Beinecke Library Acquires Trove of Letters by Author James Baldwin

December 16, 2013

Archive Includes 103 of Baldwin’s Letters and a Typescript Draft of his Third Novel

The Beinecke Rare Book & Manuscript Library at Yale University has acquired an archive of more than 100 letters of renowned writer James Baldwin, and a typescript draft of his third novel, “Another Country,” with his handwritten annotations.

The archive constitutes one of the largest collections of Baldwin’s letters and manuscripts held by any institution worldwide.

“This remarkable archive provides a window into Baldwin’s thinking while he was an emerging writer and during the peak of his literary fame,” says Melissa Barton, curator of prose and drama in the Yale Collection of American Literature. “These materials will doubtlessly enhance our understanding of this brilliant and complex man. We are pleased to share them with scholars and students.”

The letters in the archive are from Baldwin to his friends Mary Painter and Eugene Lerner, and to his sometimes-assistant and biographer David Leeming.

The letters to Painter cover the period of Baldwin’s rise to national prominence — from 1954, when Baldwin’s play “The Amen Corner” was performed at Howard University, to 1964, just after the publication of “Another Country,” which he dedicated to Painter. Throughout his detailed letters, Baldwin frequently alludes to the composition of the novel, including early insight into the characters’ names and ethnic backgrounds, and to his copious magazine essay assignments.

The letters to Lerner and Leeming date from 1965 to 1977, the majority of which were written between 1965 and 1968. Writing primarily from Istanbul, Baldwin recounts visits from Marlon Brando, among others, and refers to the development of his fourth novel, “Tell Me How Long the Train’s Been Gone.”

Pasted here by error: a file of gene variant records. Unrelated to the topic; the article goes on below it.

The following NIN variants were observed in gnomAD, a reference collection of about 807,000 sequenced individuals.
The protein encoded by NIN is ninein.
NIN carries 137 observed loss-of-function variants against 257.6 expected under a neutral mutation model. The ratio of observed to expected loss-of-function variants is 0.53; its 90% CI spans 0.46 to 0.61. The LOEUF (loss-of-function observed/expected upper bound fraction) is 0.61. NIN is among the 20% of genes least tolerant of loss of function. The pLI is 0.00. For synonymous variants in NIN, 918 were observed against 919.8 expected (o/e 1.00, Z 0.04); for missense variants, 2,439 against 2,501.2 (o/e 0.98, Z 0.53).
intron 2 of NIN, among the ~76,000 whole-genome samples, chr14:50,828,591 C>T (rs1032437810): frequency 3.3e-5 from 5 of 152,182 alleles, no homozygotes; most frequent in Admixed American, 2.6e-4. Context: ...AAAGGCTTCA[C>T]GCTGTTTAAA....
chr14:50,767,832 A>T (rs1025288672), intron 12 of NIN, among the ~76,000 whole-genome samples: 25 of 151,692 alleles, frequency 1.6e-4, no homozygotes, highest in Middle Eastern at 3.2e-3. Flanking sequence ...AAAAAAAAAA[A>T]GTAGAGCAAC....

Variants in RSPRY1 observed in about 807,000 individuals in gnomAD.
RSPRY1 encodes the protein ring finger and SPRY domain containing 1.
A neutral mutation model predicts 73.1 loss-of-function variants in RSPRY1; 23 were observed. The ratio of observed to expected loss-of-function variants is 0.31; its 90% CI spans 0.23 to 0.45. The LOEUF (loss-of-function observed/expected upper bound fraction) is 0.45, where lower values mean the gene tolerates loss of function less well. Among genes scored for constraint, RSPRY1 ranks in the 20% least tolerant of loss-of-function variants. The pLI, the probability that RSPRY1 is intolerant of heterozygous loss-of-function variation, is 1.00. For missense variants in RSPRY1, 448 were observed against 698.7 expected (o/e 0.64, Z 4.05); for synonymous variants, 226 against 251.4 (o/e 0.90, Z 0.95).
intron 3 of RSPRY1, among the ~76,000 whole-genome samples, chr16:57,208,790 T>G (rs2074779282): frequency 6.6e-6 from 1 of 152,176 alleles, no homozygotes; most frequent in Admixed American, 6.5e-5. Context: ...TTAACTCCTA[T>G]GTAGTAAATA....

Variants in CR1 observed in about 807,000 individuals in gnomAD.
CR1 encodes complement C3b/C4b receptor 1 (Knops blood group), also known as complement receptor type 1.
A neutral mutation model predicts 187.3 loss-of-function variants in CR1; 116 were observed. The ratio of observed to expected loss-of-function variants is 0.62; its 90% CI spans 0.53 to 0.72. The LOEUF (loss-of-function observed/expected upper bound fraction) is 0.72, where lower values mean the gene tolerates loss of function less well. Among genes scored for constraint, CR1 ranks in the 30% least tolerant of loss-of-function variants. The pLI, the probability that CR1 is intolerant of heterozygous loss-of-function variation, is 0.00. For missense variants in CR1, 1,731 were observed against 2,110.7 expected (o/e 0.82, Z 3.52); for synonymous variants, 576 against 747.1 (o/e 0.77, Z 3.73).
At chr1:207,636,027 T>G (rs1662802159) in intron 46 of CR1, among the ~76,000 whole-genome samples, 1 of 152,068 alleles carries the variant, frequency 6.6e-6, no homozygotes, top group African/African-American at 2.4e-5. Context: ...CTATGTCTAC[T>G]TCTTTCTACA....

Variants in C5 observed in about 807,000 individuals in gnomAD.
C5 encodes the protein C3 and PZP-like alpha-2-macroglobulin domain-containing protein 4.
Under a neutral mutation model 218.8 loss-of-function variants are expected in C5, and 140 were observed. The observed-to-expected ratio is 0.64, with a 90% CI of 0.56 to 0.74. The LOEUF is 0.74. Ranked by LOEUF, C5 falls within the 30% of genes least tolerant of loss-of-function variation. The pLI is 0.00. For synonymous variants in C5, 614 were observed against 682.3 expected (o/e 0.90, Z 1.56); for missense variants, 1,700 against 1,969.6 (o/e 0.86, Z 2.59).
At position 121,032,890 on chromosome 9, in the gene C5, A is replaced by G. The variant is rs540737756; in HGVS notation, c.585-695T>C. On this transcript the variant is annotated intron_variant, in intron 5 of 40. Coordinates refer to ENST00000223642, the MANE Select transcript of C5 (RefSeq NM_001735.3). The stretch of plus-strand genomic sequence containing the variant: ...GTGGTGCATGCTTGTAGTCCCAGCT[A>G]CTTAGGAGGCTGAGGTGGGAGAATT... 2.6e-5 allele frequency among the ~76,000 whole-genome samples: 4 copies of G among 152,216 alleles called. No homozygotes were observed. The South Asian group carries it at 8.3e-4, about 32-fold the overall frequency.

The collection was purchased from Walter O. Evans, a collector and patron of African-American arts and letters.

This acquisition augments the Beinecke’s collection of Baldwin’s early manuscripts and papers, which include the author’s artworks and personal papers, as well a drafts of a novel titled “Crying Holy,” which eventually became his first published novel, “Go Tell It on the Mountain.”

Other Baldwin papers housed in the Beinecke include various letters and a typescript draft of “Tell Me How Long the Train’s Been Gone.”

The Baldwin collection complements Yale’s and the Beinecke’s collections of African-American arts and letters, which include the papers of James Weldon Johnson, and Langston Hughes, among others.

The Beinecke Rare Book & Manuscript Library is one of the world’s largest libraries devoted entirely to rare books and manuscripts and is Yale’s principal repository for literary archives, early manuscripts, and rare books. The Beinecke’s extensive collections are used to create new scholarship by researchers from around the world.